The royal court, still reluctant to give Joan an army to command, wants additional proof that she has been sent by God. A specially appointed group of women first proceeds to verify her claim of maidenhood. The testing continues as they question whether her knowledge of warfare is good enough to command an army. To additional demands of extraordinary kinds of proof she replies that she did not come to perform tricks; the fact that she had travelled through enemy territory in her journey to Chinon without being killed should have sufficed.

Joan, clad in armour and equipped with a long white banner, leads the French army to the besieged city of Orléans which was under the military command of Jean de Dunois, the Bastard of Orleans. Joan arrives with her attendant Aulon and the senior knights the Duke of Alençon, Gilles de Rais and La Hire. Standing in front of a rough model of the city and its surroundings, Joan points to the Boulevard des Tourelles, suggesting an attack there. Dunois and the other senior knights say her plan is reckless and makes no sense, and Dunois even admits that they are not used to taking orders from a girl. An infuriated Joan slaps a chuckling La Hire, and, with the help of Aulon, cuts her hair short like a man's. She has a letter to the English transcribed politely requesting their surrender. The English Captain shouts out the response: "Go fuck yourself!"

The commanders show their skepticism of Joan's leadership by starting next morning's battle for the stockade at St. Loup without her. By the time she arrives on the battlefield, the French soldiers are already retreating. Furious with her soldiers' disobedience, she ends the retreat and leads her army into another charge. Her horse leaps into the fort and she lowers the drawbridge, allowing her army to rush inside and take it. Afterwards, the French salvage an English trebuchet to the delight of the French knight Xaintrailles, who claims it as his own. With the fort taken, they find the Tourelles, a small but impressive stronghold commanded by Sir William Glasdale, that will be much more difficult to take. Joan gives the English another chance to surrender, which they refuse.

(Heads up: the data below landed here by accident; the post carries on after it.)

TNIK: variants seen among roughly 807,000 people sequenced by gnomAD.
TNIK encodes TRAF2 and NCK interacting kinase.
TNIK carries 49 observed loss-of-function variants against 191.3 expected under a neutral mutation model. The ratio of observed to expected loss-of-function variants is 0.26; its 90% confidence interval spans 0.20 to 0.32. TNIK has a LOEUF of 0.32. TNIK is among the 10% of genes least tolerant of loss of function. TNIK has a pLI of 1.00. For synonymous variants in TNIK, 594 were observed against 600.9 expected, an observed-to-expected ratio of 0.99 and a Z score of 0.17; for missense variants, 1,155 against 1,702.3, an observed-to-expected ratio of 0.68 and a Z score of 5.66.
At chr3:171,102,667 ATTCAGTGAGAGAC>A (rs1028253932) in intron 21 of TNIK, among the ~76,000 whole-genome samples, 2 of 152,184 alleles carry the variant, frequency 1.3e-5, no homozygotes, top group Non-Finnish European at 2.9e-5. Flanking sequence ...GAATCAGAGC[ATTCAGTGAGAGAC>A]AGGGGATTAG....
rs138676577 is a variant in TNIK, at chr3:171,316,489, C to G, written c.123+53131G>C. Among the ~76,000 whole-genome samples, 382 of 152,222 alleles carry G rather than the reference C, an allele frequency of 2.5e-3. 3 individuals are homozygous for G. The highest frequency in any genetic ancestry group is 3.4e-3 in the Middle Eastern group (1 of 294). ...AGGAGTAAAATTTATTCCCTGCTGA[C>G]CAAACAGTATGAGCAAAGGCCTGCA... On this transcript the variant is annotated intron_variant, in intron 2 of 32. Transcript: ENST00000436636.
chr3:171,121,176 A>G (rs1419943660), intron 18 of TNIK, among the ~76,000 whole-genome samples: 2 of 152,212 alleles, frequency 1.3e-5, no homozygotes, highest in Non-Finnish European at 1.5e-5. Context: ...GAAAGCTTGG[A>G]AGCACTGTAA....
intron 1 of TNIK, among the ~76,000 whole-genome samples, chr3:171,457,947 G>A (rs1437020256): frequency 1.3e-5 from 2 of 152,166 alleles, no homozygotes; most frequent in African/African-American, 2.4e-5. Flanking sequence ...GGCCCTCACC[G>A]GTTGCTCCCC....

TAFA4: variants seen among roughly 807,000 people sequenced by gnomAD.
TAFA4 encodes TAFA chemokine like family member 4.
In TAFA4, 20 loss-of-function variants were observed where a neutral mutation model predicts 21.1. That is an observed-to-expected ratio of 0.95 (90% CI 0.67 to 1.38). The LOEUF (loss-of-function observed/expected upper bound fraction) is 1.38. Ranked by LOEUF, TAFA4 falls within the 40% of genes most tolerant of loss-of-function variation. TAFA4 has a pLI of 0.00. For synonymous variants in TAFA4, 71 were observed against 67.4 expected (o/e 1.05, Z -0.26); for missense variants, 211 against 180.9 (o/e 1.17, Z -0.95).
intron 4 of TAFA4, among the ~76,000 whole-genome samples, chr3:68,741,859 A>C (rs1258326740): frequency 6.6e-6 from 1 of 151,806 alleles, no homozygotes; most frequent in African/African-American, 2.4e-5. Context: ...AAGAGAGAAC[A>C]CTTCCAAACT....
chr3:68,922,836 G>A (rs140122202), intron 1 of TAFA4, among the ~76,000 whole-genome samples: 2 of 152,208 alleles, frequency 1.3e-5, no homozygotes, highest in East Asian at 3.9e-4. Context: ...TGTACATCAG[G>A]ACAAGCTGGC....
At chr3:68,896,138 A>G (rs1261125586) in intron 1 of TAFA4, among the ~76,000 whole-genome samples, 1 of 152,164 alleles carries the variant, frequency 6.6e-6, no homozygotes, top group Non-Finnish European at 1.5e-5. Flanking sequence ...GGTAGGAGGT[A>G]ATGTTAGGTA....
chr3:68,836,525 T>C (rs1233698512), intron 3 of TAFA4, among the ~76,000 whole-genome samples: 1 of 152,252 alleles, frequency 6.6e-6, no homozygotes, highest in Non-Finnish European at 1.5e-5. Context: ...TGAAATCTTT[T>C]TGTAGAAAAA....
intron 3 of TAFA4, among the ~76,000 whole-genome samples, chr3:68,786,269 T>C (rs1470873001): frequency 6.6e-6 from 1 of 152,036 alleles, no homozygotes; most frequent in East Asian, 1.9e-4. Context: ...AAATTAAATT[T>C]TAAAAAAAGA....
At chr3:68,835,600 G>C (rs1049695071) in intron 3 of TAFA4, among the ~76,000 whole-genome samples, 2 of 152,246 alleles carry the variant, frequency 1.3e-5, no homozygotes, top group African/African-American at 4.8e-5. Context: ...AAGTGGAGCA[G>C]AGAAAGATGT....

Dunois and the senior knights begin tactical planning in St. Augustins church, before the Tourelles fortifications. However, Joan hastily leads the French soldiers to the Tourelles where the prepared English defenders inflict heavy casualties on the French attackers. While climbing a ladder to the fort, Joan gets shot in the chest with an arrow. The siege is brought to a halt by the order of an enraged Dunois; Joan pulls out the embedded arrow herself and collapses. The seriousness of her wounds causes great concern within the French army. She rises before the troops the next morning, and to their delight, leads them in a second attack. An English siege tower falls and the drawbridge is broken, granting access to the outer fort. An improvised battering ram of a cart filled with logs is brought to bear on the great door of the inner fort. They break in; amid the slaughter of the final stand, Joan has another vision, this one of Jesus screaming and bleeding violently from the head. Joan feels conflicted with the victory, uneasy about all the deaths that took place. She even prevents an English prisoner from being executed.